Review

Pathophysiology

Cervical Spondylotic Myelopathy (CSM)

CSM is a multifactorial process involving static (stenosis) and dynamic (repetitive trauma to the cord during spine movement) factors [1]. Congenitally short pedicles, bulging intervertebral discs, and osteophyte formation are examples of static factors causing stenosis of the spinal canal [1]. Movement of the cervical spine leads to dynamic changes in the spinal cord; during extension, the cord becomes thicker and shorter, which exaggerates the existing compression, while flexion leads to the narrowing and draping of the spinal cord over osteophyte ridges. These dynamic changes are thought to cause CSM through increasing tension on the spinal cord [16]. In addition, Breig et al. suggested that vascular compromise due to mechanical compression of the arterioles supplying the spinal cord contributes to the development of CSM [16]. Cadaveric studies showed that the degree of compression correlates with the pathologic changes involving the gray matter (neuronal loss and necrosis) and white matter (demyelination and gliosis) of the spinal cord [5-6,17]. Ogino et al. published an autopsy report on nine patients with a history of CSM with an average duration of symptoms of 18.2 yrs. They showed a positive correlation between the anteroposterior (AP) compression ratio of the spinal cord, with histopathological changes of the cord substance. At AP compression ratios of 40%-44%, 22%-39%, and 12%-19%, there was mild demyelination, gray matter cavitation with diffuse demyelination, extensive necrosis of gray matter, and gliosis of white matter, respectively [6].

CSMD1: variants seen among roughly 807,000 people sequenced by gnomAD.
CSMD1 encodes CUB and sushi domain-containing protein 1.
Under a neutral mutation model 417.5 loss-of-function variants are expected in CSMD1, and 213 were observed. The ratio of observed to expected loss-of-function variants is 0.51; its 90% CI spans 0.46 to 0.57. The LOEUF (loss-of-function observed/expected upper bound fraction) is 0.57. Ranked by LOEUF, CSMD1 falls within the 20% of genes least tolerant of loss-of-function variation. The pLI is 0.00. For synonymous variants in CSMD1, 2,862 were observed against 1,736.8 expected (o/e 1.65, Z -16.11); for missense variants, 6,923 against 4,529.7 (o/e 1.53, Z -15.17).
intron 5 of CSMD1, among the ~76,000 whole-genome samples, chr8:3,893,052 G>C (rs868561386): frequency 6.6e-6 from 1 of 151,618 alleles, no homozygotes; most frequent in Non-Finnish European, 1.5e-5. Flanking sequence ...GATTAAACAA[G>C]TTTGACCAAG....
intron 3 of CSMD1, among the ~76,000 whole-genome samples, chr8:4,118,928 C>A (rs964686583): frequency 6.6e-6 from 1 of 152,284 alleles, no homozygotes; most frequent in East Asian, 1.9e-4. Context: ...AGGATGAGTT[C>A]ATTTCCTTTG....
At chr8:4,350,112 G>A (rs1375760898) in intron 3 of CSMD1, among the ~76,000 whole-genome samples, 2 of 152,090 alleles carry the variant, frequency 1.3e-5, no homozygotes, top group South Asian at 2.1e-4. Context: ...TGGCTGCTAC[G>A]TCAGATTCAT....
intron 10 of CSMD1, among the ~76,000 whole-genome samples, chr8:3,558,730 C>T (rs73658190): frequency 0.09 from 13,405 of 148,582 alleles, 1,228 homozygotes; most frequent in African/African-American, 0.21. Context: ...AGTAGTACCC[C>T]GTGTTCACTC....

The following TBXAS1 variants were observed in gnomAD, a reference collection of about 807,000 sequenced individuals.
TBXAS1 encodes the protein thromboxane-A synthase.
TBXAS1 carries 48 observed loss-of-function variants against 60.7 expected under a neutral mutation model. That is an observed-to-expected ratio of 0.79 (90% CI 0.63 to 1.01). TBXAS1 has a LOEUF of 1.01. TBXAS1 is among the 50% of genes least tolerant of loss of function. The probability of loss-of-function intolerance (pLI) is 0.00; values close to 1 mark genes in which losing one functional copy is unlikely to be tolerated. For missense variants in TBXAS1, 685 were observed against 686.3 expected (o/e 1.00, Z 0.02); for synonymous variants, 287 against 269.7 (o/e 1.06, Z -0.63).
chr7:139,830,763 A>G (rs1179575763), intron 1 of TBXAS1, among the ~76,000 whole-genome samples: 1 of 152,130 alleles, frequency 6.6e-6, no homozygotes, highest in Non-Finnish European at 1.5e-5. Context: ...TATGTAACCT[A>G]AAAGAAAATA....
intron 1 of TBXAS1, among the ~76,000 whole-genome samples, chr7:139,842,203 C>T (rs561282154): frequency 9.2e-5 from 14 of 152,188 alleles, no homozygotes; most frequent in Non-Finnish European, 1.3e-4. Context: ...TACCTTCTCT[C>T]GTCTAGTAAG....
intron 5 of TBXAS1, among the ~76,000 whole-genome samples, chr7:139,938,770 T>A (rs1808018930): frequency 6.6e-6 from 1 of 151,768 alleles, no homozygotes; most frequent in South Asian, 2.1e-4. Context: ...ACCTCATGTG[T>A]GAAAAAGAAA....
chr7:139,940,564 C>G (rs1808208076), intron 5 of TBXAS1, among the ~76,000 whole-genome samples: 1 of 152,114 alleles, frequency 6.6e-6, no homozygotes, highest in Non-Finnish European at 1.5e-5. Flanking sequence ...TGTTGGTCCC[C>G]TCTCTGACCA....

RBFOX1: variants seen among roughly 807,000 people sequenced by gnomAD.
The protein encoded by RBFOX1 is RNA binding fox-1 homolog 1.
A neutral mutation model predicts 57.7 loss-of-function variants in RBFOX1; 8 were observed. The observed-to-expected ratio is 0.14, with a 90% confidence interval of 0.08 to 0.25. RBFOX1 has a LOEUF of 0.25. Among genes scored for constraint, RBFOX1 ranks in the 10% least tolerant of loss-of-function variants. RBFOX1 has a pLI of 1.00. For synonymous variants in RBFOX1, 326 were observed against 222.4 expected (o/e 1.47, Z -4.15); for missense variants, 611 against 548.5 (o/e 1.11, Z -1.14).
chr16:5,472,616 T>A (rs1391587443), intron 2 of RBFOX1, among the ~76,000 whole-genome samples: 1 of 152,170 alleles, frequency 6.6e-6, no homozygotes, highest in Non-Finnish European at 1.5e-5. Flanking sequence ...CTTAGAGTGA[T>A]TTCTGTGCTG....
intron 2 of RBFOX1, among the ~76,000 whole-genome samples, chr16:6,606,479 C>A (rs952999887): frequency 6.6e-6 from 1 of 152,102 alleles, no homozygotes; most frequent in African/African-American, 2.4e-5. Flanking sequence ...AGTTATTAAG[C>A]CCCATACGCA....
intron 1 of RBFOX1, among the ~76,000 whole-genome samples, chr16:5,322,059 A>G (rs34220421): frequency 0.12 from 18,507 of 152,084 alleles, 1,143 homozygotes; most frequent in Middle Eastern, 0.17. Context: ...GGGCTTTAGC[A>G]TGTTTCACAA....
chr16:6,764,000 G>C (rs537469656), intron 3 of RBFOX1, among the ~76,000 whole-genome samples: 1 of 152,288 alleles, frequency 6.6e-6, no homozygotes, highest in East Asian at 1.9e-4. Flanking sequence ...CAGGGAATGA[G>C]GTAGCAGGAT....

These findings correlate with results from animal studies with experimental spinal stenosis and cord compression that demonstrated pathological changes mainly involving the gray matter with significant neuronal loss at the maximum area of compression [18].

Ossification of the Posterior Longitudinal Ligament

The pathophysiology of OPLL is poorly understood. Multiple studies have indicated an underlying genetic etiology [9-10,13,19-20]. The Investigation Committee on Ossification of the Spinal Ligaments in Japan performed a study on eight monozygotic and two dizygotic twins with OPLL. They reported that 75% of monozygotic twins had OPLL, which indicated the involvement of genetic factors [15]. Nakajima et al. conducted a genetic study comparing patients with OPLL and healthy controls (1130 vs 7135) using genome-wide association. The authors found multiple genes associated with OPLL. These genes are Radial Spoke Head 9 Homolog (RSPH9), Serine/Threonine Kinase 38 like (STK38L), Hydroxyacid Oxidase 1 (HAO1A), Coiled-Coil Domain Containing 91 (CCDC91), and R-Spondin 2 (RSPO2). The RSPH9 and STK38L genes might be responsible for the membranous ossification of the PLL. Additionally, the HAO1A, RSPO2, and CCDC91 genes are responsible for the endochondral ossification [21]. A genome-wide linkage study by Karasugi et al. of 214 Japanese affected sib-pairs showed that several loci on chromosomes 1p, 2p, 7q, 16q, and 20p were associated with OPLL. Of note, sib-pair is a linkage analysis of a dichotomous trait. It’s a common method used to narrow search results for genes that influence complex diseases. Additionally, microsatellite markers mapping showed a significant association with locus D20S894 on Ch. 20p12 [22]. In addition, epidemiological studies have shown that adult-onset obesity and type 2 diabetes mellitus (DM) are independent risk factors for OPLL [23-24]. Elevated serum insulin has been associated with increased ossification in patients with OPLL. The exact mechanism is unclear, but it is thought that insulin might stimulate osteoprogenitor cells, which results in the ossification of the PLL [24-25]. Sleep duration and dietary habits have been associated with n increased risk of OPLL as well [26-27]. Sleeping less than five or more than nine hours has been associated with increased risk of OPLL. High salt and low protein diet have been associated with OPLL as well but not cigarette smoking or alcohol consumption [26-27].